Sunday, May 27, 2018

Insurance Companies Say "No" to Arming Teachers

In the wake of school mass shootings, the NRA - a front organization for gun manufacturers - and its political prostitutes within the Republican Party insanely say the solution is more guns.  Indeed, they propose arming teachers and school staff embers, most of whom want nothing to do with the idiotic proposal. Nonetheless, Republicans in a number of states have passed laws allowing the arming of teachers; however, they are hitting a roadblock: insurance carriers who are refusing to offer insurance coverage -  something we need to see start happening to gun owners in the home insurance realm as intimated in a prior post.  As is their norm insurance carriers typically eagerly accept premium payments, but want to minimize as much as possible the risk that they might actually have to pay out on claims.  The analysis of these companies is that more guns in schools is a very bad idea.  A piece in the Washington Post looks at insurance carrier's refusal in most cases to issue policies to school districts arming teachers and staff.  Here are highlights:
Kansas has a problem: It has a law allowing teachers to carry guns in the classroom, but almost no schools are using it because insurance companies refuse to provide coverage if they do. As EMC Insurance, the largest insurer of schools in Kansas, explained in a letter to its agents, the company “has concluded that concealed handguns on school premises poses a heightened liability risk.”
Then came the Parkland, Fla., school shooting in February, leading frustrated Republican legislators in Kansas to try forcing the issue with a bill banning “unfair, discriminatory” rates for schools that arm staff. The insurance industry held firm. Last month, the bill failed.
As proposals to arm teachers sweep across the nation, insurance companies are being forced to weigh the risks of these controversial plans. Some insurers are balking. Some are agreeing to provide policies but lamenting the lack of evidence about whether it makes schools safer — or increases the chances of people getting shot. Others are raising rates.  The reaction of insurance companies is notable because they are supposed to evaluate dangers through the dry eye of actuarial science, largely avoiding the heated emotions of the nation’s gun debate, in which one side condemns guns and the other side claims, as Texas Lt. Gov. Dan Patrick (R) did last week, that the best way to stop a bad person with a gun is a good person with a gun.  Insurance companies are not so certain, worried more guns in schools might not only fail to stop mass shootings but lead to more accidents. The epidemic of mass shootings in schools and other public venues has put new pressure on the insurance industry to take a stand. They face huge potential liabilities from these tragedies. The 2017 Las Vegas shooting, where a gunman fatally shot 58 people, could cost insurers more than $1 billion, including potential lawsuits and covering lost business income from the incident and its fallout, according to the International Risk Management Institute. Adding trained police officers to schools is generally viewed favorably, industry officials say. But giving guns to school janitors or history teachers — even with some training — raises concerns. More guns make insurers nervous in other situations, too, said Scott Kennedy, president of CCIG, an insurance company in Colorado. He pointed to the common preference among insurers that nightclub bouncers remain unarmed, while off-duty police officers working security are usually allowed to carry firearms. Joe Carter, a vice president of United Educators, which specializes in insuring schools, said he frequently hears from insurance executives at industry events worried about whether they will be asked to cover armed teachers and school staff.  “I don’t know anyone out there who is ready to offer liability coverage for schools when they’re arming their teachers,” Carter said.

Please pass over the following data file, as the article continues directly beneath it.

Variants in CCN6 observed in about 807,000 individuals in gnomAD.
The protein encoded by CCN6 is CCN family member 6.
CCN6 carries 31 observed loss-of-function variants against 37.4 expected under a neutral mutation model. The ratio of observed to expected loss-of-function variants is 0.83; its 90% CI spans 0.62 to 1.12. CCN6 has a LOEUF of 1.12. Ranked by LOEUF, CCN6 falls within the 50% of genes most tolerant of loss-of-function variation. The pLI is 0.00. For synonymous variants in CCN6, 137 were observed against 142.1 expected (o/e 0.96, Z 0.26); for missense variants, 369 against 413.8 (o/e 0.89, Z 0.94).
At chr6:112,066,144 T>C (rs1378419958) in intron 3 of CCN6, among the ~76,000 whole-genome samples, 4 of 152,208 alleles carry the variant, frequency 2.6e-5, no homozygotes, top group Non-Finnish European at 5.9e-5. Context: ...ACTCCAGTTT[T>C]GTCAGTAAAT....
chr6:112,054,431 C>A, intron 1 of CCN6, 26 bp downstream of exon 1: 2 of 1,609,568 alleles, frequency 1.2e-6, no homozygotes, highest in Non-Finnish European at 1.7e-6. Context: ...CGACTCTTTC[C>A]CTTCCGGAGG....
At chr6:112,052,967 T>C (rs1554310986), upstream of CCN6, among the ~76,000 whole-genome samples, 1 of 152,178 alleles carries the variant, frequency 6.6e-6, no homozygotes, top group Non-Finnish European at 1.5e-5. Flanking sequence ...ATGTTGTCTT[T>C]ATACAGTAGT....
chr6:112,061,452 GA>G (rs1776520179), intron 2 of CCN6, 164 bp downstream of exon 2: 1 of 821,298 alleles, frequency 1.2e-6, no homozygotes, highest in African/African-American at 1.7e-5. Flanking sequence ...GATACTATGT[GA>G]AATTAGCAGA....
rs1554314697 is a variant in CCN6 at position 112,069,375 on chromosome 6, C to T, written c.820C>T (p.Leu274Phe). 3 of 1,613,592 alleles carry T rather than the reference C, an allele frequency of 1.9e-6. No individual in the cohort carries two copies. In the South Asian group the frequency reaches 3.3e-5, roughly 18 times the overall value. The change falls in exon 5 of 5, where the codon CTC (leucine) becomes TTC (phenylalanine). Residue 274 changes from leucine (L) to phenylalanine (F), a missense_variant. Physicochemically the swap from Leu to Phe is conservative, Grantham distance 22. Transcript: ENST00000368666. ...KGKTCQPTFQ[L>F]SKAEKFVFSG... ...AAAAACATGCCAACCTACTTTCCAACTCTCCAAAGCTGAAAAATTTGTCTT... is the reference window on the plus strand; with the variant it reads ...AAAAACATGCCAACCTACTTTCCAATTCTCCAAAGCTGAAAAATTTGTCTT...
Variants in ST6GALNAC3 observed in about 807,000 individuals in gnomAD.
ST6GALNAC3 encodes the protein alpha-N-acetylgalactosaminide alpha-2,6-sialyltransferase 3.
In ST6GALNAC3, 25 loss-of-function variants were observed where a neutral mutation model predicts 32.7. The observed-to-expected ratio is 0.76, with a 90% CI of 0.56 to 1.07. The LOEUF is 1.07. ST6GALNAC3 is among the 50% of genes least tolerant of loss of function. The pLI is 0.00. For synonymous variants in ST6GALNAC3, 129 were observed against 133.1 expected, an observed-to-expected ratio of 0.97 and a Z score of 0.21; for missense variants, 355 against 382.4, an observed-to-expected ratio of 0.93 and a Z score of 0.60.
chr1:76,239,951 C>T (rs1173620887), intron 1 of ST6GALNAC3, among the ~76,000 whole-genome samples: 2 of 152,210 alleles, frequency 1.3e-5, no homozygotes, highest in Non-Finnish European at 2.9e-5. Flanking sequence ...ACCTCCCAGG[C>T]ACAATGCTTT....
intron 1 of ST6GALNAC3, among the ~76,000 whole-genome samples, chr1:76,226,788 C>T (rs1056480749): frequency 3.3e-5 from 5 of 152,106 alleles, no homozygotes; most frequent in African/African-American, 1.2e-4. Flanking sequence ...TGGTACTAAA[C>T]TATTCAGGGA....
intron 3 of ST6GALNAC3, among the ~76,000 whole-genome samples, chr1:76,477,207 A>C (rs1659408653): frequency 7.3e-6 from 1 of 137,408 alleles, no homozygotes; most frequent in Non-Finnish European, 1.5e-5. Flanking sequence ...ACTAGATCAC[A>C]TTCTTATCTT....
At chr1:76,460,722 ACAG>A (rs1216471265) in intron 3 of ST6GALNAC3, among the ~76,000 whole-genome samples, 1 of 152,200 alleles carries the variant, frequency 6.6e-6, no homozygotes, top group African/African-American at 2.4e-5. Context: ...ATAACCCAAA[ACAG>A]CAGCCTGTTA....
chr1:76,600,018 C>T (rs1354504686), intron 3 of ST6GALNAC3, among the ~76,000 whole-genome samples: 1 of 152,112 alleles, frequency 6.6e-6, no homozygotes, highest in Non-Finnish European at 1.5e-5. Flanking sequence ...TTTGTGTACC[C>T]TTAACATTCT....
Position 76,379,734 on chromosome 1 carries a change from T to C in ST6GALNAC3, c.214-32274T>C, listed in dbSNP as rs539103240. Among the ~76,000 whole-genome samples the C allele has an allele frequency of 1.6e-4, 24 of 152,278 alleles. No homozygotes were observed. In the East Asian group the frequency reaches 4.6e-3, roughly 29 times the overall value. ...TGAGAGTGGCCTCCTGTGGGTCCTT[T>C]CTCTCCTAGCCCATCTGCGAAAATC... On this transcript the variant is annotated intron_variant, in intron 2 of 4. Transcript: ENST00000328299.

Kansas passed its law arming teachers in 2013, after the mass shooting the previous year in Newtown, Conn., where a gunman killed 20 children at Sandy Hook Elementary School. That immediately led EMC Insurance to announce it would rather exit the school insurance market than cover armed teachers and staff. Republican lawmakers were upset but couldn’t find another insurer willing to take on the policies.

Let's hope this common sense spreads to the residential insurance market and to homeowners having to discard their guns or lose insurance mandated by their mortgage companies.  With luck, it could also lead to landlords to ban guns in their rental properties. 

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